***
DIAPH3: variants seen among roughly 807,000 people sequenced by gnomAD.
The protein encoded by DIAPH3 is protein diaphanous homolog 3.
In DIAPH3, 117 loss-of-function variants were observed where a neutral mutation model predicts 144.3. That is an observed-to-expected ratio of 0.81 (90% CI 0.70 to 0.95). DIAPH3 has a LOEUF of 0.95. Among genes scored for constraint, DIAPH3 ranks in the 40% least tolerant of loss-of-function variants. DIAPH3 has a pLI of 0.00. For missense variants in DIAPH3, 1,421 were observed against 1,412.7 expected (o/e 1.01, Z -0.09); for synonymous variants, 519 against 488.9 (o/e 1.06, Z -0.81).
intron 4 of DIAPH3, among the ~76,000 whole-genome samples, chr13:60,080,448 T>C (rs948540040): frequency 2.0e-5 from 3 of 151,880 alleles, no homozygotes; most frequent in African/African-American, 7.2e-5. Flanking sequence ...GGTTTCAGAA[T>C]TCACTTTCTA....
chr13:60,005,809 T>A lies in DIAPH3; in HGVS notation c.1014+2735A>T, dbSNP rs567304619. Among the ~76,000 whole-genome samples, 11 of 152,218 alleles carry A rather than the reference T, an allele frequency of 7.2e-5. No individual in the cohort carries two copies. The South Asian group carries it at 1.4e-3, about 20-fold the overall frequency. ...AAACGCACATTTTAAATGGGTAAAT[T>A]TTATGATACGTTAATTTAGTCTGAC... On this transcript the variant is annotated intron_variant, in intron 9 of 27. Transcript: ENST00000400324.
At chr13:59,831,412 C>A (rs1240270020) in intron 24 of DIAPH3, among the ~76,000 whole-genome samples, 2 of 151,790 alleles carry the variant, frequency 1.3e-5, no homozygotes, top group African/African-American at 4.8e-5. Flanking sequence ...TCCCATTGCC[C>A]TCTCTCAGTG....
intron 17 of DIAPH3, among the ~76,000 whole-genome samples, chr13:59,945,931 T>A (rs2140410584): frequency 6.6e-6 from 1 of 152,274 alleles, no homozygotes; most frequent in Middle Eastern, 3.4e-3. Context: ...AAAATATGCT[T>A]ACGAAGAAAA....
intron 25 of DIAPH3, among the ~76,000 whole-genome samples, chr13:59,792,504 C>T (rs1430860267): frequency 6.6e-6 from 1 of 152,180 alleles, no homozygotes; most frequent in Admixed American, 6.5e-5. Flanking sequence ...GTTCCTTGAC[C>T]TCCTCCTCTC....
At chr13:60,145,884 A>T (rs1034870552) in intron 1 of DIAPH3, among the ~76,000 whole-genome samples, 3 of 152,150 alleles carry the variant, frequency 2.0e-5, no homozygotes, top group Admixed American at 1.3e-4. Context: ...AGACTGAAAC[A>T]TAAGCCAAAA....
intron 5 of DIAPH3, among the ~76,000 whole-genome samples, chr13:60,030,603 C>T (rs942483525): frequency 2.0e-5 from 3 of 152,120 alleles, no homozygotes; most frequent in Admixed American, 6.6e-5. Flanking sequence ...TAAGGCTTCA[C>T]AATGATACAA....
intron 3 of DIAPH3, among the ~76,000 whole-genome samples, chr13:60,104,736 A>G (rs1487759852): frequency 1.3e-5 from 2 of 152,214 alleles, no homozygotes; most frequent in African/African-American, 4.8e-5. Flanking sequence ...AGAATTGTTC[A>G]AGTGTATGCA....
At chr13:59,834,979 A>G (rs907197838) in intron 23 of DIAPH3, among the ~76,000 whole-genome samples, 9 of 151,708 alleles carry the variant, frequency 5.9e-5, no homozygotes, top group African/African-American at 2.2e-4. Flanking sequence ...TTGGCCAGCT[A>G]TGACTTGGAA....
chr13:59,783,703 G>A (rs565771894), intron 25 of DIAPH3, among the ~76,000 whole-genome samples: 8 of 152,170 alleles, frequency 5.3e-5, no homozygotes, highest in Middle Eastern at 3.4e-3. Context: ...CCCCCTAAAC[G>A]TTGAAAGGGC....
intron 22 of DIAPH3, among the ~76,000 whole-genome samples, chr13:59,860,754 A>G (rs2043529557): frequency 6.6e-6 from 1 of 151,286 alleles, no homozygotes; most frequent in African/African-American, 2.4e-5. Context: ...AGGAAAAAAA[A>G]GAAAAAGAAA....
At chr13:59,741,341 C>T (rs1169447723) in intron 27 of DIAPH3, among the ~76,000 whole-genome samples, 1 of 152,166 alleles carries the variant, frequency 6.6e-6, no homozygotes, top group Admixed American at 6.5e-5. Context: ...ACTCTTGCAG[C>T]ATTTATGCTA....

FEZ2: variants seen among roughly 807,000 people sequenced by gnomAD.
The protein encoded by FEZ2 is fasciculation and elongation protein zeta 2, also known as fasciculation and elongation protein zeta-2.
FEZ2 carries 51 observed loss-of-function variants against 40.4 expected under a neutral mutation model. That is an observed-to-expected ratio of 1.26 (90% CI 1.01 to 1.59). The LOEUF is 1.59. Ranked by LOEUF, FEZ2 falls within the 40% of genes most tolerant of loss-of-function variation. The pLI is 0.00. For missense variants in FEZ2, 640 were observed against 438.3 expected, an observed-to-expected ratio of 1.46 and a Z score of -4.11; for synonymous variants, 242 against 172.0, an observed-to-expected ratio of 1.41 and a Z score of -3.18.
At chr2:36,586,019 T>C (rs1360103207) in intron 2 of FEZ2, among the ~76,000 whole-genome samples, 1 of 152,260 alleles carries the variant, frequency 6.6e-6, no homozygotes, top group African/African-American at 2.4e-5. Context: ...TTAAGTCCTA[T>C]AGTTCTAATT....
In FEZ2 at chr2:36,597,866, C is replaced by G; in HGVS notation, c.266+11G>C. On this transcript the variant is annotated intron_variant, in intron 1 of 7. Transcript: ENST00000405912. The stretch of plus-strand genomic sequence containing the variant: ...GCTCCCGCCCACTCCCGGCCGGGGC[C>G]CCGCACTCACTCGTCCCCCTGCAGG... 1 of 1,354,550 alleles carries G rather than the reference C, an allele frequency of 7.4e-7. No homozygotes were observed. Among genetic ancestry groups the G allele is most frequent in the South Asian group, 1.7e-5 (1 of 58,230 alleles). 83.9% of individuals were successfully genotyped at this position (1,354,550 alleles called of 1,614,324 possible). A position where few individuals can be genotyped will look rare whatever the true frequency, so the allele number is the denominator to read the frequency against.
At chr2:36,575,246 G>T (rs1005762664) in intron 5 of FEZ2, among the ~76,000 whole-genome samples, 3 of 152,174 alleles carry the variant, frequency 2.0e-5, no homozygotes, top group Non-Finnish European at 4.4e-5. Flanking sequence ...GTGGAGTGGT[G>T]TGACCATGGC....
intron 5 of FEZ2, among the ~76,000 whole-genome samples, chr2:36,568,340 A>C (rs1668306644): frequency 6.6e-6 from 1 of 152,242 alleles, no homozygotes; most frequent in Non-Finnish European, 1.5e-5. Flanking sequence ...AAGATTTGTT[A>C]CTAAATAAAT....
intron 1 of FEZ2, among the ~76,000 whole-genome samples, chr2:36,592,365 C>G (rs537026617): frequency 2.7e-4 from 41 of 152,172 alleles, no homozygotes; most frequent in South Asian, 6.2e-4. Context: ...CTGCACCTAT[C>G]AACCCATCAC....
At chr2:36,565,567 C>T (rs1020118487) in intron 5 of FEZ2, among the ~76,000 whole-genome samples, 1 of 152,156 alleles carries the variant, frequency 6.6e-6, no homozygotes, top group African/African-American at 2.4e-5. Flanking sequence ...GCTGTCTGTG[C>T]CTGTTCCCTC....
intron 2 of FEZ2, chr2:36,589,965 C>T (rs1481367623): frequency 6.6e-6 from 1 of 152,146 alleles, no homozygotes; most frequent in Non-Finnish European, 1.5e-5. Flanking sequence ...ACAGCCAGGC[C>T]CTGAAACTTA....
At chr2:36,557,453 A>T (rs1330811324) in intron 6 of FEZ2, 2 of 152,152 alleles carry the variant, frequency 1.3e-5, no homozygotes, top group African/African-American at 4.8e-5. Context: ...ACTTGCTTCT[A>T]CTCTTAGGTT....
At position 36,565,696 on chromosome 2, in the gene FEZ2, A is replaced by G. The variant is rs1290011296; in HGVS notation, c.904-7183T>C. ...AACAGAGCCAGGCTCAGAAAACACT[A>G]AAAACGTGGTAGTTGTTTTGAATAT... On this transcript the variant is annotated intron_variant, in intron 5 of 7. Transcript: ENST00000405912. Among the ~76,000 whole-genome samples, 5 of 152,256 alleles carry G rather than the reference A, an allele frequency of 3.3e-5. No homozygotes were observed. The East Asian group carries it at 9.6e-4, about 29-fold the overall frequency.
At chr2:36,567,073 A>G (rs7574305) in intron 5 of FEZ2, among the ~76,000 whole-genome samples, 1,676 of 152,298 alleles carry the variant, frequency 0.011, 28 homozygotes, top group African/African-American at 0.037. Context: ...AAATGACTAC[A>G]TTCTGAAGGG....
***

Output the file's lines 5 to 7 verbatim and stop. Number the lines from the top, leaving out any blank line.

chr13:60,005,809 T>A lies in DIAPH3; in HGVS notation c.1014+2735A>T, dbSNP rs567304619. Among the ~76,000 whole-genome samples, 11 of 152,218 alleles carry A rather than the reference T, an allele frequency of 7.2e-5. No individual in the cohort carries two copies. The South Asian group carries it at 1.4e-3, about 20-fold the overall frequency. ...AAACGCACATTTTAAATGGGTAAAT[T>A]TTATGATACGTTAATTTAGTCTGAC... On this transcript the variant is annotated intron_variant, in intron 9 of 27. Transcript: ENST00000400324.
At chr13:59,831,412 C>A (rs1240270020) in intron 24 of DIAPH3, among the ~76,000 whole-genome samples, 2 of 151,790 alleles carry the variant, frequency 1.3e-5, no homozygotes, top group African/African-American at 4.8e-5. Flanking sequence ...TCCCATTGCC[C>A]TCTCTCAGTG....
intron 17 of DIAPH3, among the ~76,000 whole-genome samples, chr13:59,945,931 T>A (rs2140410584): frequency 6.6e-6 from 1 of 152,274 alleles, no homozygotes; most frequent in Middle Eastern, 3.4e-3. Context: ...AAAATATGCT[T>A]ACGAAGAAAA....